Note to idiot parents of Paolo's classmates: I am fully sick of your kids introducing Paolo to violent concepts like killing and death and guns. I wish ever so fervently that your reckless and moronic choices in raising your kid didn't have to affect my son. But they do. And I spit in your eye.

Thursday, January 18, 2007

Cold makes me angry

For the past week, it has been very cold here in my corner of the world - teens to thirties, no snow, no ice, just cold. Yes, I know how fiercely this cold front has hit other parts of the country, but this is about me. First of all, I lived in warm, sunny South Florida the first half of my life, where the temperature dipping below 70 is feared more than an impending hurricane. Second, my body mass index is so low I would not be allowed to be a runway model in three countries.

Consequently, I am colder than everyone around me. My hands and feet are numb all the time. My nose, also numb, runs until Spring. From time to time, I soak my hands in hot water so my fingers will bend again. This is while I'm indoors. I've learned to cope by wearing four more layers than everyone else and generally looking pathetic (whimpering helps) in the hope someone will take pity and turn the heat up a few degrees. The five minutes I spend outdoors in a given winter day (car to building, building to car) put me in full, adrenaline-pumping, fight-or-flight mode. You do not want to stand between me and warmth. I will cut you open and crawl inside your steaming carcass.

At home I park in the garage, so I don't have to deal with a car that is cold as the grave, but I park outside at work. When I get into my frigid car at lunch and at 5:00, all the life-sustaining warmth has drained away. I turn into a raging lunatic, with Tourette's. I rail at the radio: "THAT SONG IS NINE YEARS OLD. How can you call yourselves THE EDGE?" Until the car warms up, every other driver on the road gets a profane tongue-lashing: "CAN YOU TURN ANY SLOWER? Maybe all of the bumper stickers on your car are weighing you down. Can you even see out your back window?" (One sticker is a rainbow silhouette of a cat. Is it advocating gay cat pride? I'm not against gay cats, but I didn't know there was a movement. Are they being oppressed?) "Do you really think bumper stickers make a damn bit of difference? Did you buy the matching T-shirt, too? Free Tibet!"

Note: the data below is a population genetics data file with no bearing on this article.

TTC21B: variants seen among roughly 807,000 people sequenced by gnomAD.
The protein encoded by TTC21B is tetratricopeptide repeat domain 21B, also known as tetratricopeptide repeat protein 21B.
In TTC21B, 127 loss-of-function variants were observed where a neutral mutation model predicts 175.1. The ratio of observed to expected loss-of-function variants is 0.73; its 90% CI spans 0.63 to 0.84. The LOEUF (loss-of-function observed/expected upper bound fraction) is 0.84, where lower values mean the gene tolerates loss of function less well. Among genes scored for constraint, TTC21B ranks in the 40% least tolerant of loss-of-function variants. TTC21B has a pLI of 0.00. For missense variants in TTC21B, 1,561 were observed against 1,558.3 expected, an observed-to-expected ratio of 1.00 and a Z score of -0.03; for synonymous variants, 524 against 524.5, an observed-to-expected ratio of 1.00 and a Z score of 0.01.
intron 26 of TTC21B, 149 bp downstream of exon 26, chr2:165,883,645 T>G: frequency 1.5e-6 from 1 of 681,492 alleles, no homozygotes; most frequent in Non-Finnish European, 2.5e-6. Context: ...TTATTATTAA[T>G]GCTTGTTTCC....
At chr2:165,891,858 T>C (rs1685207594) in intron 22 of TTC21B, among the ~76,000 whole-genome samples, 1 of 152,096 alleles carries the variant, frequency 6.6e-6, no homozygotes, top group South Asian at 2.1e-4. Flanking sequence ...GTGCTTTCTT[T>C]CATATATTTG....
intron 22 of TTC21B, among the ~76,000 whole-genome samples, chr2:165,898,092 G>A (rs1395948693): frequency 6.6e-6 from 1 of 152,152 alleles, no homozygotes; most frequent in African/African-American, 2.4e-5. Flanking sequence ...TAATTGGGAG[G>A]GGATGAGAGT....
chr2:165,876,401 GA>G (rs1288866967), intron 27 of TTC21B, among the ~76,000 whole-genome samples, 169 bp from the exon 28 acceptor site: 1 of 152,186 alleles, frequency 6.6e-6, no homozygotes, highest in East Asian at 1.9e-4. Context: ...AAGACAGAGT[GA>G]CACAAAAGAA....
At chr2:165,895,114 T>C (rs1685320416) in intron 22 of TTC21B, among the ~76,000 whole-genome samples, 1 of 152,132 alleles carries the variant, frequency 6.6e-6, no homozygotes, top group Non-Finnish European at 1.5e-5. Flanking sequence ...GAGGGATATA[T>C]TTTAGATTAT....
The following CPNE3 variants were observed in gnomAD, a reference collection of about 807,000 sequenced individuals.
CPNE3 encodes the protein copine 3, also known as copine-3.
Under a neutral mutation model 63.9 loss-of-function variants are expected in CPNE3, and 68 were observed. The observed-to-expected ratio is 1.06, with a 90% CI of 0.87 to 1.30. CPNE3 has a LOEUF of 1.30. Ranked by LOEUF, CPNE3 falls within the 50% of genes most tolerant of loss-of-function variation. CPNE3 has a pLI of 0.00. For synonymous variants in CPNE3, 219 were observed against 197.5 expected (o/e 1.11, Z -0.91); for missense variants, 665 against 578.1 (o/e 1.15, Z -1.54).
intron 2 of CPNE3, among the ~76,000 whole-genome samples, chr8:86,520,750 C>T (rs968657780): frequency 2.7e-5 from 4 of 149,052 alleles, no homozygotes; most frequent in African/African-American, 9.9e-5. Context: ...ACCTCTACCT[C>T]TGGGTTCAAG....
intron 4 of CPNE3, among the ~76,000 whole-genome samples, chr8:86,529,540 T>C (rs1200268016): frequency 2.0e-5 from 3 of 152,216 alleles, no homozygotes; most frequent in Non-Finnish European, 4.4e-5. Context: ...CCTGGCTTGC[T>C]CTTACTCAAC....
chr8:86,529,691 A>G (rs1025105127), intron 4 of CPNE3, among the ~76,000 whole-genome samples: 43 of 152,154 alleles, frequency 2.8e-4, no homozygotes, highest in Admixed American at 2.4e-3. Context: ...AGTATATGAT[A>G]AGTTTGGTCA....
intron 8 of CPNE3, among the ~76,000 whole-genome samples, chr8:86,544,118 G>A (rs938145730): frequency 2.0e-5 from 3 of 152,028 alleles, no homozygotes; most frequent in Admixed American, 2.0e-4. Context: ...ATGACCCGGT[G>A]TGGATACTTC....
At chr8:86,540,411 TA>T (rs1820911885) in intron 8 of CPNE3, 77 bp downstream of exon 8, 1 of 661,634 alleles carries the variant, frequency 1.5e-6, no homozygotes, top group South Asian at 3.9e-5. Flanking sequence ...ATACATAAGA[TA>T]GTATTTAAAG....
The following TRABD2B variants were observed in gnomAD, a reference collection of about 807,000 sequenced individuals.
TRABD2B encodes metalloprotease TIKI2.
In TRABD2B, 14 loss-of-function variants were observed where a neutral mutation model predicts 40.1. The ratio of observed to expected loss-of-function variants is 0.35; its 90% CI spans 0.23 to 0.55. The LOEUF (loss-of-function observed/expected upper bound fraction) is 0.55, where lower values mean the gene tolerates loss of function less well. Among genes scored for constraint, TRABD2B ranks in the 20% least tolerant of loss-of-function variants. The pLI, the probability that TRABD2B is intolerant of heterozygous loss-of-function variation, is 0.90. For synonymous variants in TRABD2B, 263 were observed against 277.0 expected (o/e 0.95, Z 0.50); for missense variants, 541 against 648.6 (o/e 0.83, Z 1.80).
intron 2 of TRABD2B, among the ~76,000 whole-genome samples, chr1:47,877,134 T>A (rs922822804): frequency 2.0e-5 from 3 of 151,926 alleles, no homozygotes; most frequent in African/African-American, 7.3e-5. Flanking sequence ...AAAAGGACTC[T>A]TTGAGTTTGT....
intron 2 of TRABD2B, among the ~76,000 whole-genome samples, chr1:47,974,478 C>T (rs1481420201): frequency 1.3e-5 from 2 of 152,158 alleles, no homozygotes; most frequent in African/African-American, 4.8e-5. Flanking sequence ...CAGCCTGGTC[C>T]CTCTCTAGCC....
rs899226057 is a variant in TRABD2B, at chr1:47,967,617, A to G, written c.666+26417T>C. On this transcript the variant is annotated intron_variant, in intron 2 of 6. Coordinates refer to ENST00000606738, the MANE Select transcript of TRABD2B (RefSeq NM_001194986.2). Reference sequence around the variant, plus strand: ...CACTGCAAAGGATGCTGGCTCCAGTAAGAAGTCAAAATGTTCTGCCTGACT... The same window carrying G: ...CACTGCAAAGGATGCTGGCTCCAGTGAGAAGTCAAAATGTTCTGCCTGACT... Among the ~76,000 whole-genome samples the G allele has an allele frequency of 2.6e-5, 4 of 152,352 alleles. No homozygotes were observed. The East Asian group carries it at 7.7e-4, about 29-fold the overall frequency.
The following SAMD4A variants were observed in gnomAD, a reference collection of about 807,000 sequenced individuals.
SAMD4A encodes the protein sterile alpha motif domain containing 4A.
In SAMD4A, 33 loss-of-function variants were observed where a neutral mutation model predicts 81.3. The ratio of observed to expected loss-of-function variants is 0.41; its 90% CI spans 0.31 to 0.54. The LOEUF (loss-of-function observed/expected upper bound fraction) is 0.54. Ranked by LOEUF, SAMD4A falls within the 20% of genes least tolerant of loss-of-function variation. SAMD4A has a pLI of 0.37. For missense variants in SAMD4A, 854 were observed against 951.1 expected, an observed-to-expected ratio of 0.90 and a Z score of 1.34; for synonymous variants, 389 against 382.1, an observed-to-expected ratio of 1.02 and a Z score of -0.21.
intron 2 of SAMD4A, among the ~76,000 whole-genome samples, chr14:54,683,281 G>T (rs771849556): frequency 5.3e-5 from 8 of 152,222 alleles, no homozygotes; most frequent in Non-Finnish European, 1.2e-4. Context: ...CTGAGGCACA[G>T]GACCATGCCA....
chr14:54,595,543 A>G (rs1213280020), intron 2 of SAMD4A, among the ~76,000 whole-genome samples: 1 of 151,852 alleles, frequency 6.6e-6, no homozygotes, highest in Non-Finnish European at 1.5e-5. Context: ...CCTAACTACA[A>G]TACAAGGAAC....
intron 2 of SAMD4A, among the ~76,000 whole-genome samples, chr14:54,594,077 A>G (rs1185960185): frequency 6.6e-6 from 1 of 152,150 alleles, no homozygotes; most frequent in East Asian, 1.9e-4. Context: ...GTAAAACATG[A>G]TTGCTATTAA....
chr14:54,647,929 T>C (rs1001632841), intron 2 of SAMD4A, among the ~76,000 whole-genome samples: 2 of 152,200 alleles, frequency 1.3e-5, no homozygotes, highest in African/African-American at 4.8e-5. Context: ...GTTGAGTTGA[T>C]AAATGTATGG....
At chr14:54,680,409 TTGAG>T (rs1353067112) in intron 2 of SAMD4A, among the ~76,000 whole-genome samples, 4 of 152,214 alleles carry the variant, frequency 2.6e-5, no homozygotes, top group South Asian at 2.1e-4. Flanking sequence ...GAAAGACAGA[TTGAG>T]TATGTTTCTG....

As my blood thaws and begins coursing through my veins again, my teeth unclench and my anger disappears. I'm telling you, if there is a Hell, it is cold. That gnashing of teeth you feel? Frostbite. That weeping and moaning you hear? Me. Oh, there's a lake of fire, but they won't throw you in it, no matter how much you beg.

Friday, January 12, 2007

Arkansas smile

I picked Paolo up from school yesterday, opened a bag of gummy fruit bites for his snacking pleasure, and began to fight my way back down a busy street at rush hour. Less than a minute into this endeavor, I heard Paolo say, "Ewww. Here, Mama." I reached my hand back and he dropped his pedo-partial, covered in chunks of blue mush, into my palm. Paolo's partial (which replaced his top two front teeth) is glued in; it is not supposed to come out, except at the dentist's office, with a special tool. Damn. Damn. Damn. I quickly checked to see if the bands had snapped, which happened to his first partial, converting a $500 denture into trash. Luckily, apart from its hideous appearance, the partial was intact. The stickiness of the snack must have pulled it right out. What a relief; it just needs to be glued back in. You see, we have no plans to spring for a third pedo-partial. Paolo would just have to live with an Arkansas smile until his permanent teeth come in. My thoughts returned to Paolo. Gosh, I thought to myself, he's taking this well.

Then the back seat started screaming. GROSS! EWWWW! AAAAUUUUUGGGGHHH! MY TEETH ARE GONE!!